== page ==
GO
Loading...

Bob Pisani

CNBC "On-Air Stocks" Editor

A CNBC reporter since 1990, Bob Pisani has reported on Wall Street and the stock market from the floor of the New York Stock Exchange for more than a decade. Pisani covered the real estate market for CNBC from 1990-1995, then moved on to cover corporate management issues before moving to the New York Stock Exchange in 1997.

He was nominated twice for a "CableACE Award"—in 1993 and 1995.

In 2013, he won Third Place in the National Headliner Awards in the Business and Consumer Reporting category for his documentary on the diamond business, "The Diamond Rush."

In 2014, Bob was honored with a Recognition Award from the Market Technicians Association for "steadfast efforts to integrate technical analysis into financial decision making, journalism and reporting."

Prior to joining CNBC, Pisani co-authored "Investing in Land: How to Be a Successful Developer." He and his father taught a course in real estate development at the Wharton School of Business at the University of Pennsylvania from 1987-1992. Pisani learned the real estate business from his father, Ralph Pisani, a retired real estate developer.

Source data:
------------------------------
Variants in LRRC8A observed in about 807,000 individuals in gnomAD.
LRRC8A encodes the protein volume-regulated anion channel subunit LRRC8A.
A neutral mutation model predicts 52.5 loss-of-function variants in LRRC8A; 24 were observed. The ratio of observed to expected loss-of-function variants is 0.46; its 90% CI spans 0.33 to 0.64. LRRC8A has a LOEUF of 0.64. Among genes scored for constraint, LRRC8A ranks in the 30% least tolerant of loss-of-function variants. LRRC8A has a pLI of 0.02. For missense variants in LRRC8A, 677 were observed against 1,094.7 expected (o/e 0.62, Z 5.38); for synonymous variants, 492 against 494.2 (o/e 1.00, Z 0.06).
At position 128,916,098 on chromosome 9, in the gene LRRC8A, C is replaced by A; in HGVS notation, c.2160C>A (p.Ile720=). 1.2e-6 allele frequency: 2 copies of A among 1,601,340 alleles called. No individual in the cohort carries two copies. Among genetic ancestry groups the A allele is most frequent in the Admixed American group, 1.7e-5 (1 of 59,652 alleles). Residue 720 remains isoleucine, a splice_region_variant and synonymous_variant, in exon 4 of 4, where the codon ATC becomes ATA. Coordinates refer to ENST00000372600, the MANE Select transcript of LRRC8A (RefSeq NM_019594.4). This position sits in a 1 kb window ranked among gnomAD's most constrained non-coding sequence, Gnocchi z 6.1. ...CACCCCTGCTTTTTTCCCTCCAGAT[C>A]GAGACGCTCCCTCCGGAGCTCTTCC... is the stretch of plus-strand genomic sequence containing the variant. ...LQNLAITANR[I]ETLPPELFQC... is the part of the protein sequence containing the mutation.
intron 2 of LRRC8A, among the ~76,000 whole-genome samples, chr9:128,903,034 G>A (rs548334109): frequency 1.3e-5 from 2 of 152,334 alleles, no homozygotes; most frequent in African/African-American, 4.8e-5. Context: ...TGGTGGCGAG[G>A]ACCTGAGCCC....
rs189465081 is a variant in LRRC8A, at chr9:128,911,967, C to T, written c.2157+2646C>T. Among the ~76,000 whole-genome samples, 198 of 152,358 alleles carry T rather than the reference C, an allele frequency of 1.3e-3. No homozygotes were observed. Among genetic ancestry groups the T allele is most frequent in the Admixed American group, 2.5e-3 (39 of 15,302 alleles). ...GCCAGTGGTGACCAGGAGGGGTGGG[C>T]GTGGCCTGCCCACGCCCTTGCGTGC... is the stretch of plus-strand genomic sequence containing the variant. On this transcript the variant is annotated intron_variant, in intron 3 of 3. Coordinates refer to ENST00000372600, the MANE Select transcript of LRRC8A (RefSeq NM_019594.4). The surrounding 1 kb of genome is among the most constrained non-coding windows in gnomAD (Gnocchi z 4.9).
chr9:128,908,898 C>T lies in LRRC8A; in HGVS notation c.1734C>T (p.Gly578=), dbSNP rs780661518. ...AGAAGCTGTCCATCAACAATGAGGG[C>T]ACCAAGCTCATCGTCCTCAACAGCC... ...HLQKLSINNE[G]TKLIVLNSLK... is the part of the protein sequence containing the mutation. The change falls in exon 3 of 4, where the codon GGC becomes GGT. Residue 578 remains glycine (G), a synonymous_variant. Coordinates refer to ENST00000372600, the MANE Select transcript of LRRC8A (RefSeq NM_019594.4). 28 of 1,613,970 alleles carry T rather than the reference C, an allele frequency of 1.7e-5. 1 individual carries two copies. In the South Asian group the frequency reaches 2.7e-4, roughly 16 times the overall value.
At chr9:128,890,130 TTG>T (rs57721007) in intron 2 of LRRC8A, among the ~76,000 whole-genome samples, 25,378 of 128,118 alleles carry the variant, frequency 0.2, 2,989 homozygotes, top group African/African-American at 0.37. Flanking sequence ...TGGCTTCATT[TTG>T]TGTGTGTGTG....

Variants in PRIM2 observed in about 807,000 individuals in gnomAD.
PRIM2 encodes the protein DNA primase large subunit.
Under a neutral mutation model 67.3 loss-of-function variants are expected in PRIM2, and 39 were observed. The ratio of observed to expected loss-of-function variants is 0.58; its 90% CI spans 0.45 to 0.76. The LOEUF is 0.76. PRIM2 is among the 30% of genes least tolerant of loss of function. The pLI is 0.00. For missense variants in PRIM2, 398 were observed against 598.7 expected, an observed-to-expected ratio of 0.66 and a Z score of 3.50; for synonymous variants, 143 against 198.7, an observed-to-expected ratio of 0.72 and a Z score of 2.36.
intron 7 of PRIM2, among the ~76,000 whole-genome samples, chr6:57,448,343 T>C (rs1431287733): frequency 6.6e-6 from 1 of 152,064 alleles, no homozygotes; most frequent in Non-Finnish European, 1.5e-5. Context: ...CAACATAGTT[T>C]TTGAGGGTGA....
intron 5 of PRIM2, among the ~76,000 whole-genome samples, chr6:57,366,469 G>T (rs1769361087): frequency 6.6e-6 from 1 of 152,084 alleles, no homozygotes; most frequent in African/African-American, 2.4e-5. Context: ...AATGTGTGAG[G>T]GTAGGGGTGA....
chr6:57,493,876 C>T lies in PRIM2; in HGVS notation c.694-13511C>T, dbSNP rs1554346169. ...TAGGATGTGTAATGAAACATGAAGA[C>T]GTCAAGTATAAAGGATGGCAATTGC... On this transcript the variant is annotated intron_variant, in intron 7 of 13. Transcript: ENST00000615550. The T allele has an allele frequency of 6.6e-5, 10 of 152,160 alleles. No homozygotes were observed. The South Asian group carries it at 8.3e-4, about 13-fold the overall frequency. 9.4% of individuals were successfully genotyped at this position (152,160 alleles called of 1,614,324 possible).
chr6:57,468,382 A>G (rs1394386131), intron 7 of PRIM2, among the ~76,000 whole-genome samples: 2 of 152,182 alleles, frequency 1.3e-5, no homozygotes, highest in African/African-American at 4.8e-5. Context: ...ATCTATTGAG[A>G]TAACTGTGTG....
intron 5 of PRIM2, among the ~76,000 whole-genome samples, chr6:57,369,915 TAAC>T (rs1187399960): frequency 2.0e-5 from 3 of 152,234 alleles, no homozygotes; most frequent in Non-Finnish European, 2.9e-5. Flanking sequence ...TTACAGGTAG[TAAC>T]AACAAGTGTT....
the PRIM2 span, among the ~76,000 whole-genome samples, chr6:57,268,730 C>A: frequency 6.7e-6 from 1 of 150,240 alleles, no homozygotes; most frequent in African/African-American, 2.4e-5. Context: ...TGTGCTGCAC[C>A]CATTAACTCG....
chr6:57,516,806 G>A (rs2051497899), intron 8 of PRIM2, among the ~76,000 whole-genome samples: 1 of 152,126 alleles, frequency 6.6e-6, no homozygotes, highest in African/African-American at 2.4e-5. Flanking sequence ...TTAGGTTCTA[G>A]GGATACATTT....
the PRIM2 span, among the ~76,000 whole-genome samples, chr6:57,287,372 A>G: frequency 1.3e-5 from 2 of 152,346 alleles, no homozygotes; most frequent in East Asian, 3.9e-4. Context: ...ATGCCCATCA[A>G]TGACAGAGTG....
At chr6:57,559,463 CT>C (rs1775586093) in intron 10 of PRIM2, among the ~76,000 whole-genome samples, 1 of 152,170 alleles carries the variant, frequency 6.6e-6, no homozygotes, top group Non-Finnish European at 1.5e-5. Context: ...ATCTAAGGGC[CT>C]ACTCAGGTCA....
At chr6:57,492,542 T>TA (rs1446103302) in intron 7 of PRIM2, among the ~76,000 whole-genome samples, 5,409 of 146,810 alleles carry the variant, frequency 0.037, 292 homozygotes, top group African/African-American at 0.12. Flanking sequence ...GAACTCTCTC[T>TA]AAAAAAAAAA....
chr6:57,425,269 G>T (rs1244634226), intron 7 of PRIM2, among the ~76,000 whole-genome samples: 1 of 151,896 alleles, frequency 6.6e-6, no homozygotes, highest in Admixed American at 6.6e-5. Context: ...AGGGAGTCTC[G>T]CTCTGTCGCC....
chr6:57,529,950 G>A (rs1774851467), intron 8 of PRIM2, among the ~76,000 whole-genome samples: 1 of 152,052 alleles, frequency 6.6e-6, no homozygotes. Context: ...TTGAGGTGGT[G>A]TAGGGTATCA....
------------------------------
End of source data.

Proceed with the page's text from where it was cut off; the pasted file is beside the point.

Follow Bob Pisani on Twitter @BobPisani.

More

  • While the Street is somewhat disappointed with the details of the stimulus package (most feel that $300 per person is not going to make a big difference), there is agreement that raising the conforming loan limit for mortgages that Fannie Mae and Freddie Mac can buy to $625,000 from $417,000 is an important development.

  • Societe Generale: Did It Alone Create Monday Panic? Thursday, 24 Jan 2008 | 9:09 AM ET

    Societe Generale reported a $7.1 billion trading loss due to a rogue trader making bets on stock index futures. While they were making an announcement, they also took writedowns of about $3 billion for losses in the U.S. real estate market and bond insurers.

  • "Shorted" Groups Are Strong Performers--So Far Wednesday, 23 Jan 2008 | 11:44 AM ET

    The sword-catchers are out there. There is a rotation going on: out of tech, pharma, commodities and into retail, financial. Funny day as it's another day of strong performance from the two most heavily shorted groups--financials and retailers. Again, clearly related to short covering, because these are the two most heavily shorted groups on the Street.

Featured

  • A CNBC reporter since 1990, Bob Pisani covers Wall Street from the floor of the New York Stock Exchange.

Wall Street